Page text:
Immigration News and Updates: November 20, 2020
Peri B. Edelman | November 20, 2020
A Note of Thanks
On November 15, 1996, twenty-four (24) years ago, I was first admitted to practice law in the State of Connecticut which meant I could practice Immigration Law in any state since it is federal domain. Soon thereafter, I was admitted to practice in New York State, U.S. Eastern District Court of New York, U.S. Southern District Court of New York, and United States Court of Appeals for the 2nd Circuit.
For the past 24 years, I have obtained green cards, foreign work visas (H-1B, O-1, L-1, E-1, E-2 etc), relief from deportation/removal, and humanitarian paroles for thousands of clients. I am very thankful for your continued support throughout all of these years.
The Department of State Provides Update Related to Resumption of Routine Visa Services
The Department of State (DOS) has posted a notice regarding the resumption of routine visa services. The DOS noted that it suspended routine visa services worldwide in March 2020 due to the COVID-19 pandemic. In July 2020, U.S. Embassies and Consulates began a phased resumption of routine visa services.
According to the update, the resumption of routine visa services, prioritized after services to U.S. citizens, will occur on a post-by-post basis, consistent with DOS guidance for safely returning its workforce to Department facilities. U.S. Embassies and Consulates have continued to provide emergency and mission-critical visa services since March and will continue to do so as they are able. As post-specific conditions improve, DOS missions will begin providing additional services, culminating eventually in a complete resumption of routine visa service. Some of my clients have received immigrant visas in Consulates abroad.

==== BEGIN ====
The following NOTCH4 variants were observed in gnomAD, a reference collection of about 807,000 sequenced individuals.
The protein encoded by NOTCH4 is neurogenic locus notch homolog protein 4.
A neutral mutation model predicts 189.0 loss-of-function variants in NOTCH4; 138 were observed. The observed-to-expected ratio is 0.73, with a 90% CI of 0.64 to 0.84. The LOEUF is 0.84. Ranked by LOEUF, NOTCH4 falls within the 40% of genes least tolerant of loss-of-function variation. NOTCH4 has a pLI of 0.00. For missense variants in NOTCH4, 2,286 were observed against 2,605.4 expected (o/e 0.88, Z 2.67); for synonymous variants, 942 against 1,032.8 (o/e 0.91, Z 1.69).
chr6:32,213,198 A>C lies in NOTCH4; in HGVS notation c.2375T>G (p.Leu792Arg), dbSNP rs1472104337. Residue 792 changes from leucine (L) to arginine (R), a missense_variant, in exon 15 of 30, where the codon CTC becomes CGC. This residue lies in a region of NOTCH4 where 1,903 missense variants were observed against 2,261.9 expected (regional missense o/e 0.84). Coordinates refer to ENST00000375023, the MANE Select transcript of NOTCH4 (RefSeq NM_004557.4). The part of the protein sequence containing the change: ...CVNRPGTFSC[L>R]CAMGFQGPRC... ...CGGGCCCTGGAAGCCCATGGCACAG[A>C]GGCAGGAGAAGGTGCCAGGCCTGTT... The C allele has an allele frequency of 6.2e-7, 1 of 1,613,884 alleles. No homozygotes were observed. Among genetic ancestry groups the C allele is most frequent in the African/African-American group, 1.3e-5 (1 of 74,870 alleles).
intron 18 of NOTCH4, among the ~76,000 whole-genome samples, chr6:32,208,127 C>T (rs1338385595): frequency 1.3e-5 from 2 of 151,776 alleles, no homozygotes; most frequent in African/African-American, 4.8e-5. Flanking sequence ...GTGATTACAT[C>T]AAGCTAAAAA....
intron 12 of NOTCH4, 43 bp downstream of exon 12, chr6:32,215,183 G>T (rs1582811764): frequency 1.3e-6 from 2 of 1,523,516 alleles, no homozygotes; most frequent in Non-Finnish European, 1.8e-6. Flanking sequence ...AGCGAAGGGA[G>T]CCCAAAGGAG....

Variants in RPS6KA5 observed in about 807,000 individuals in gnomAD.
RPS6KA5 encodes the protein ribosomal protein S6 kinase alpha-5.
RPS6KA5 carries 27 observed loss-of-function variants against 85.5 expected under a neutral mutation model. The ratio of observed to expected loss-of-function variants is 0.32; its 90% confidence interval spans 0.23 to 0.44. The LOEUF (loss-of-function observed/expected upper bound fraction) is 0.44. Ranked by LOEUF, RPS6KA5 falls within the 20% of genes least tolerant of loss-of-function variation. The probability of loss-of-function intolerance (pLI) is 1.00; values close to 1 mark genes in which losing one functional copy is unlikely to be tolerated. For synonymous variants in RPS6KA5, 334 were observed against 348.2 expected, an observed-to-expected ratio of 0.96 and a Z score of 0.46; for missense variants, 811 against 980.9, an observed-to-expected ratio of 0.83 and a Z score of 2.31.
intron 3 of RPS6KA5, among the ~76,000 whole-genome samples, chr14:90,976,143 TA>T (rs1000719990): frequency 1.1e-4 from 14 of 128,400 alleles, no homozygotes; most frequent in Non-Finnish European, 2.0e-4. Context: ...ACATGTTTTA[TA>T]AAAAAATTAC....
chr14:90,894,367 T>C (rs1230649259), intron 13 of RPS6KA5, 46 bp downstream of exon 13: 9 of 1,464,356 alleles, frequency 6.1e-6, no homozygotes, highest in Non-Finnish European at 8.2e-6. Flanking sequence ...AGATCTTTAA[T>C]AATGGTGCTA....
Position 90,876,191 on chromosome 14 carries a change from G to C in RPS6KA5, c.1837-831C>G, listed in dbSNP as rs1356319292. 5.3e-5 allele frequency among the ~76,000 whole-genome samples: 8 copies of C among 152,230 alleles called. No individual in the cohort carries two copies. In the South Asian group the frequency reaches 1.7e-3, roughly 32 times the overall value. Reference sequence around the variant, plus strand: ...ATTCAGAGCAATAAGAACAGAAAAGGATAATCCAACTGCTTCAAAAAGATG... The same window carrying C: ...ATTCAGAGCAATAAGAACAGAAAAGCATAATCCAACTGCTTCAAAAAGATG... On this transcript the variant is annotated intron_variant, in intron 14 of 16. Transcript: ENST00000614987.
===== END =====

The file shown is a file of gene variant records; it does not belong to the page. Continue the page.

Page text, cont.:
Every consulate has a different service procedure, and Consular information is updated constantly.
Federal Judge ruled Trump’s New DACA Rules are Invalid
A federal judge in New York ruled Saturday, November 14, that Acting Department of Homeland Security Secretary Chad Wolf assumed his position unlawfully, a determination that invalidated Wolf’s suspension of the Deferred Action for Childhood Arrivals program, which shields young people from deportation.Wolf issued a memorandum in July effectively suspending DACA, pending review by DHS.
In Judge Garaufis’ ruling Saturday, the judge wrote that DHS didn’t follow an order of succession established when then-Secretary Kirstjen Nielsen resigned in April 2019. Kevin McAleenan, who succeeded Nielsen until he resigned in October 2019, also didn’t have statutory authority to hold the position, Garaufis wrote.As a result, the court held, Acting Secretary Chad Wolf did not have authority to issue the July memorandum announcing that DHS would continue to reject all initial requests for DACA status and employment authorization documents, reject most requests for advance parole, and limit DACA renewals to one-year periods
This is great news for DACA holders, and individuals who want to apply for DACA.
Public Charge Rule Back in Effect
Despite recently being blocked by a Chicago federal judge, Trump’s controversial US immigration public charge rule is back in effect. The controversial rule has been relaunched as the US appeals court considers a case to suspend it amid the ongoing coronavirus pandemic. Biden has indicated that he would attempt to roll this order back.
New Naturalization Civics Test
On November 13, 2020, U.S. Citizenship and Immigration Services announced that it plans to implement a revised version of the naturalization civics test.